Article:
Kelly Withers thinks it might be easier right now – in the middle of a pandemic – to get her favorite Maine beers.

That’s because many local breweries are offering curbside pick-up or delivery, things they weren’t doing before. So instead of having to battle the crowds at a tasting room, Withers now places her order at her favorite local brewery, then drives up and drives away with beer. In the past couple of months she’s sampled drive-up services at Bissell Brothers Brewing, Definitive Brewing Company, Goodfire Brewing and Austin Street Brewery in Portland, plus Mast Landing Brewing in Westbrook.

“It’s been much easier to get beer this way. You don’t have to fight a summertime crowd of people from out of state,” said Withers, 46, of South Portland. “I’m a big supporter of local beer, and I’m so glad they’ve made it so easy for me.”

At least 80 Maine breweries are offering curbside pick-up or some beer to-go option, said Sean Sullivan, Executive Director of the Maine Brewers’ Guild. At least 40 Maine breweries are doing delivery, either with their own employees or through CarHop, a Maine-based beer, wine and spirits delivery service that began operating last year. Some are doing both.

Adam Doering of Lone Pine Brewing brings an order out to a customer. Shawn Patrick Ouellette/Staff Photographer

Curbside pickup and delivery has allowed some breweries to keep staff working, and also allows each brewery’s loyal following to get the beer they crave, Sullivan said. It’s especially important for smaller brewers who don’t distribute to a lot of stores, and depend on people coming to their brewery and tasting room. Plus, driving up to a brewery and having someone pop a case in your trunk, or having a case of IPA delivered to your door is much easier and less stressful than a trip to the market these days.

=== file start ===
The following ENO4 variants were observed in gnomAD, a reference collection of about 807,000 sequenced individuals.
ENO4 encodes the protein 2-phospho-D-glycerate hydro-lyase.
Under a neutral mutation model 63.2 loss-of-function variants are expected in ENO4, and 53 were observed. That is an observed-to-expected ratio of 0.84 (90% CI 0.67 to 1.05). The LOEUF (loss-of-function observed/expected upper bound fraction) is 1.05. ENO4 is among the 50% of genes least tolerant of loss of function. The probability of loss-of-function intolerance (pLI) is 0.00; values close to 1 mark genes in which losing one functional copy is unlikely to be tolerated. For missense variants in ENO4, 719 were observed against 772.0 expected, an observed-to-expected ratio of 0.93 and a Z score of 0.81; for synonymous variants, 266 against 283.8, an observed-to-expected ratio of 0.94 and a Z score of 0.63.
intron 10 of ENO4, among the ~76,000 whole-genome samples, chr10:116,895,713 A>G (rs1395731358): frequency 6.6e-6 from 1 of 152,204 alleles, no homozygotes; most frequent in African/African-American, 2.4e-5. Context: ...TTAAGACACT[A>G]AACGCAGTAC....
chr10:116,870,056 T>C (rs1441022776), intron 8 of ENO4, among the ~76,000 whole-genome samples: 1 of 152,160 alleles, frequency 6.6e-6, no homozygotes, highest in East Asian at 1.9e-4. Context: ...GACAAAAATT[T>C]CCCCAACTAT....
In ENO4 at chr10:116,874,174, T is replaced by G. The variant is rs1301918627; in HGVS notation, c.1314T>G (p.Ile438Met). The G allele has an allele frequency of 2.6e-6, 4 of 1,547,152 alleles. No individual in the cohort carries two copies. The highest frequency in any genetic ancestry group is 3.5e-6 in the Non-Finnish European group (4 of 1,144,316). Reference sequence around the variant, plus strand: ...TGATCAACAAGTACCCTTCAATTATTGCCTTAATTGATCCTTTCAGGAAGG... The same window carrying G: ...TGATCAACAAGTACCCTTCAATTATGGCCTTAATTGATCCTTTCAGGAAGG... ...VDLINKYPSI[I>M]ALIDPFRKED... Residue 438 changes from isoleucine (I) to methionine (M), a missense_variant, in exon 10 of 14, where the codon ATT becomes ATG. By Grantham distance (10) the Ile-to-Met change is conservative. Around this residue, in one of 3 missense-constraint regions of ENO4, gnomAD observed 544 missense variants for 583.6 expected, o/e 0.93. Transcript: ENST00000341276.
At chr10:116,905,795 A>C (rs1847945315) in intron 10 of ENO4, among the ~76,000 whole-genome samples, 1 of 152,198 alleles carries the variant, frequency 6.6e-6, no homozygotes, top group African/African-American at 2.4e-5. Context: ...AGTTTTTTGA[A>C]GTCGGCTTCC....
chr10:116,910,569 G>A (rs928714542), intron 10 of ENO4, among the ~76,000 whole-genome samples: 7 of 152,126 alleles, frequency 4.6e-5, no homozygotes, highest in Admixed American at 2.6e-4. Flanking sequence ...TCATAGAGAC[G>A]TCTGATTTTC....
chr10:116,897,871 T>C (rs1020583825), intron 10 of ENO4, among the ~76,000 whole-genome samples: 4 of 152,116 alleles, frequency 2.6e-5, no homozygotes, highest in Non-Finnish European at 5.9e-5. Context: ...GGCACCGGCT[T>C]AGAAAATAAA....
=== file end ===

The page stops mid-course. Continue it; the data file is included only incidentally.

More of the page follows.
Curbside pickup and delivery services have helped brewers during  a tough time, but have not made up for the loss in sales during the pandemic, Sullivan said. He surveyed more than 50 Maine brewers in April and found that on average their sales were down about 50 percent, and about 23 percent at some point had stopped beer production altogether because of the crisis. The brewers’ guild represents more than 150 breweries in Maine.


Though curbside pick-up and delivery were forced upon brewers by the pandemic, many have discovered how much customers like these services and may keep the systems in place for the foreseeable future. Sullivan surveyed more than 70 breweries about these services and found that 35 percent were interested in keeping some sort of curbside pickup available even after their tasting rooms re-open, while more than 21 percent said they’d be interested in continuing delivery.

Just when tasting rooms will re-open is unclear. Tasting rooms were not specifically mentioned in Gov. Janet Mills’ plan to re-open the state economy in stages, but Sullivan at the Maine Brewers’ Guild said that under current state guidelines most tasting rooms probably won’t be allowed to open until July 1, when bars also may open. But even after tasting rooms can open, brewers say they’ll likely offer curbside pickup, delivery and other services that make their customers comfortable.

“We are definitely planning to continue to doing some sort of curbside pickup because we really don’t know what customer behavior will be once tasting rooms re-open and restrictions are lifted,” said Tom Madden, co-founder of Lone Pine Brewing Company in Portland and Gorham. “We know people appreciate having this service. We’re really taking it day by day.”

Ellie Yahn of Lone Pine Brewing thanks customers after bringing them their curbside delivery order. (But is the dog old enough to drink?) Shawn Patrick Ouellette/Staff Photographer